The Freedom Front Plus has made a last minute attempt to try and stop the implementation of e-tolling.
“The FF Plus’s court application for an interdict against the switching on of the e-toll system will be heard on December 2 in the High Court in Pretoria, a day before the system is to be switched on,” spokesman Anton Alberts said in a statement on Tuesday (26 November).
Alberts was confident of victory, saying the state had made critical technical errors with the announcement of the implementation date of e-tolls.
“In terms of the Sanral Act, there has to be a 14-day difference between the date on which the commencement of the e-toll is announced, and the date on which the actual implementation of the system will take effect.”
In effect, he said the system was only meant to start operating on December 4, and not December 3.
“The FF Plus, its partners and its legal team are all convinced that the interdict will be granted and that we will achieve a victory for all road users who are of the opinion that the e-toll is an unfair and unnecessary form of tax,” said Alberts.
Meanwhile, the Opposition to Urban Tolling Alliance (Outa) said on Tuesday that the SA National Roads Agency Limited (Sanral) is continuing to mislead the public about e-tags and e-tolling.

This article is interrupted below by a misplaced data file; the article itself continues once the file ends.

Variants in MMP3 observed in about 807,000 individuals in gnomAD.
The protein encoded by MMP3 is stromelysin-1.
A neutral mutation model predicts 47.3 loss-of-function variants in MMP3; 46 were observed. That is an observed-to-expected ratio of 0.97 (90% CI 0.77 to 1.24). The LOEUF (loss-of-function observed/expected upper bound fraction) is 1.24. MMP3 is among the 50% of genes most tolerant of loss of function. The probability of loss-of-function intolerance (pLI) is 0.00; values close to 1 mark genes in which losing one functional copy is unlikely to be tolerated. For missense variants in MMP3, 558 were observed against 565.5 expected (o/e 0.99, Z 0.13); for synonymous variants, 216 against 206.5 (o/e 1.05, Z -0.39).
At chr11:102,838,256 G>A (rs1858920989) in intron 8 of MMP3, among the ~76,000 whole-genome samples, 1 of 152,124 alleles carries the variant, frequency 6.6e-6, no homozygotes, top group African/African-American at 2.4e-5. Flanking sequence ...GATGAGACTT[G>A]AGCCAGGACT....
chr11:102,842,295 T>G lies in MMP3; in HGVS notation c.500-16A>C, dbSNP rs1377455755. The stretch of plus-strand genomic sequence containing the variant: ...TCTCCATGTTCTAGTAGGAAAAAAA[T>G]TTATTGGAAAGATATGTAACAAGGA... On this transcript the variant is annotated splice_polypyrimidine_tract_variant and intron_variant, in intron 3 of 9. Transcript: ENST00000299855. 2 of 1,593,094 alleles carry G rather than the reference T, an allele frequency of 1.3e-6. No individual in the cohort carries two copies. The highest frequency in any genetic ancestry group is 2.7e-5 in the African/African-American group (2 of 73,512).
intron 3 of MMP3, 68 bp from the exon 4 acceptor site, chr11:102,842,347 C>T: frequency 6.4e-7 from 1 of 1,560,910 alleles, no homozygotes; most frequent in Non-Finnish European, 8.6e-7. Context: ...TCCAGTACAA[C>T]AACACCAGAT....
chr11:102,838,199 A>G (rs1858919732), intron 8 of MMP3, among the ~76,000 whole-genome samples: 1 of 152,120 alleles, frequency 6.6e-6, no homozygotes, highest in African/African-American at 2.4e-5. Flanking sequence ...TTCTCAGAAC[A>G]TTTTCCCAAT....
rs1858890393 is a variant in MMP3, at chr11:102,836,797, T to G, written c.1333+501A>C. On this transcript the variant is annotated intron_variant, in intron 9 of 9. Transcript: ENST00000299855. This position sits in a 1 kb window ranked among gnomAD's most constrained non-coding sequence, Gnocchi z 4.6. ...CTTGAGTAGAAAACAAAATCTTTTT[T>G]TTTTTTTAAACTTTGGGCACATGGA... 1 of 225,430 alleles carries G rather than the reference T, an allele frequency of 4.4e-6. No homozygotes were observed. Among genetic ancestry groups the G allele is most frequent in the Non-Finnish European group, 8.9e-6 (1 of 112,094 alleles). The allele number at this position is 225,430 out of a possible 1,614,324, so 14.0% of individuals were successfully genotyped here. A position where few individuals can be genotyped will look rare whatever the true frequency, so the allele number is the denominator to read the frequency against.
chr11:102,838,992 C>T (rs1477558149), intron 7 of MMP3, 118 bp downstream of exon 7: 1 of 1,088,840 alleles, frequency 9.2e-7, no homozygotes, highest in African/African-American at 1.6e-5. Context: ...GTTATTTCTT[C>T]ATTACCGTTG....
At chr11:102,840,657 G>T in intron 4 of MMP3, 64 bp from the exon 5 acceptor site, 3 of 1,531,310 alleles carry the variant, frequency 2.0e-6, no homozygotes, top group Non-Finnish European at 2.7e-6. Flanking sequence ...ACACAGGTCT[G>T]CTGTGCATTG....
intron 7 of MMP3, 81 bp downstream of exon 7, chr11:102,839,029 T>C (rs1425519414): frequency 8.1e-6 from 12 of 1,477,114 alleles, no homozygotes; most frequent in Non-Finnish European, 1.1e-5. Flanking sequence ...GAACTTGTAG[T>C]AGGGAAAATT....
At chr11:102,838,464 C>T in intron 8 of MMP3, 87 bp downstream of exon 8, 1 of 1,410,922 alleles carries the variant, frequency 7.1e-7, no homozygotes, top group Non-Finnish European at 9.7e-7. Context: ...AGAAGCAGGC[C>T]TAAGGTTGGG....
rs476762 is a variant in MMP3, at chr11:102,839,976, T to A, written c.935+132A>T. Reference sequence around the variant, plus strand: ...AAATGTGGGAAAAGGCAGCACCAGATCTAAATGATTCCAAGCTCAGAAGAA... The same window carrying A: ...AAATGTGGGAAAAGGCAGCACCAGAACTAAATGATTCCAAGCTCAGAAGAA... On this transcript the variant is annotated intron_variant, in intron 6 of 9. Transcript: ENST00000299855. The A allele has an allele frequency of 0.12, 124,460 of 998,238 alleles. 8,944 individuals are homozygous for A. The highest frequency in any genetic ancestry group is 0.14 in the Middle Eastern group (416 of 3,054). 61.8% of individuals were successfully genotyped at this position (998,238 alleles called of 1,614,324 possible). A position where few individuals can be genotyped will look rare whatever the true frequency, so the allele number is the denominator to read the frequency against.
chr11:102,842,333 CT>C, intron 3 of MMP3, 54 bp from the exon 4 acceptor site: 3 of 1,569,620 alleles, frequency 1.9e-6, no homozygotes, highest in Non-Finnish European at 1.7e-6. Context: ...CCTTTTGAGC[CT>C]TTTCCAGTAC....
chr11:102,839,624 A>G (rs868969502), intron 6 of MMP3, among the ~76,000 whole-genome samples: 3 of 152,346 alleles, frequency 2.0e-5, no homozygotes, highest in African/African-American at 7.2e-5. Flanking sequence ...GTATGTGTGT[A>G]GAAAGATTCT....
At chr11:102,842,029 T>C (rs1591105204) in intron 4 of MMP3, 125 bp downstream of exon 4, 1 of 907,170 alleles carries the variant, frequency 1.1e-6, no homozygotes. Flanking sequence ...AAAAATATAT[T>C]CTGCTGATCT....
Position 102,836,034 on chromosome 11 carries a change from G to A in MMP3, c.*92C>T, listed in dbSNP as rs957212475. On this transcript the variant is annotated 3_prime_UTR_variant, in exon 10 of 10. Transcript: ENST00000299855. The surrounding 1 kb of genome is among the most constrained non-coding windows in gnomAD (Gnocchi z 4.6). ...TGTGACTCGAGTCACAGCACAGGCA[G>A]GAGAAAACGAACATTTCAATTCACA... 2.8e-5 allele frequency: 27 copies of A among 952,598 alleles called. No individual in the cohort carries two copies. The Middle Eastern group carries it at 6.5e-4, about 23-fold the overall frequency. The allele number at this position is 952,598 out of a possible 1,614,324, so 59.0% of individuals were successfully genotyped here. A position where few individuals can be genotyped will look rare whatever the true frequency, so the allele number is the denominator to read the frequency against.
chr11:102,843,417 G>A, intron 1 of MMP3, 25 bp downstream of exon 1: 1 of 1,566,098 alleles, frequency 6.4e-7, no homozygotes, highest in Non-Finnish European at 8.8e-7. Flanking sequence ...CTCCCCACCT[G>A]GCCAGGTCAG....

The figure Sanral had provided on the number of e-tags which had been sold was a ploy to create the impression that people were flocking to purchase them, said Outa chairman Wayne Duvenage.
“Sanral have yet to confirm how many actual individual road users have purchased an e-tag, which we suspect is a much smaller proportion of total e-tag sales,” he said in a statement.
He said the figure provided by Sanral that 700,000 e-tags were sold, included large fleet operators, banks, car rental companies, government fleets, and leasing companies.
“We simply don’t believe their rhetoric in this space,” he said.
On Tuesday morning, Sapa made enquiries about the number of e-tags sold to individuals, the number sold to government departments, and the number sold to companies. By 4pm, Sanral had not responded.
Duvenage said the information given by Sanral was incorrect as its website calculator gave different figures.
“They have misled the public before and we are convinced they are doing this again to create false impressions of acceptance of their system. The simple truth is the public are not taking this lying down.”
Outa has said it will soon release details of its strategy on empowering society, including providing motorists with knowledge about their rights, and legal advice.
Duvenage said Outa would provide legal counsel and a legal team to the first person summonsed for non-payment of e-toll bills.
“This first case will be the test case…,” he said.
“Until then, Outa urges the public to exercise civil courage and know that it is not only their right, but their duty to resist and reject a law which has been implemented in a manner that works against the best interests of the people.”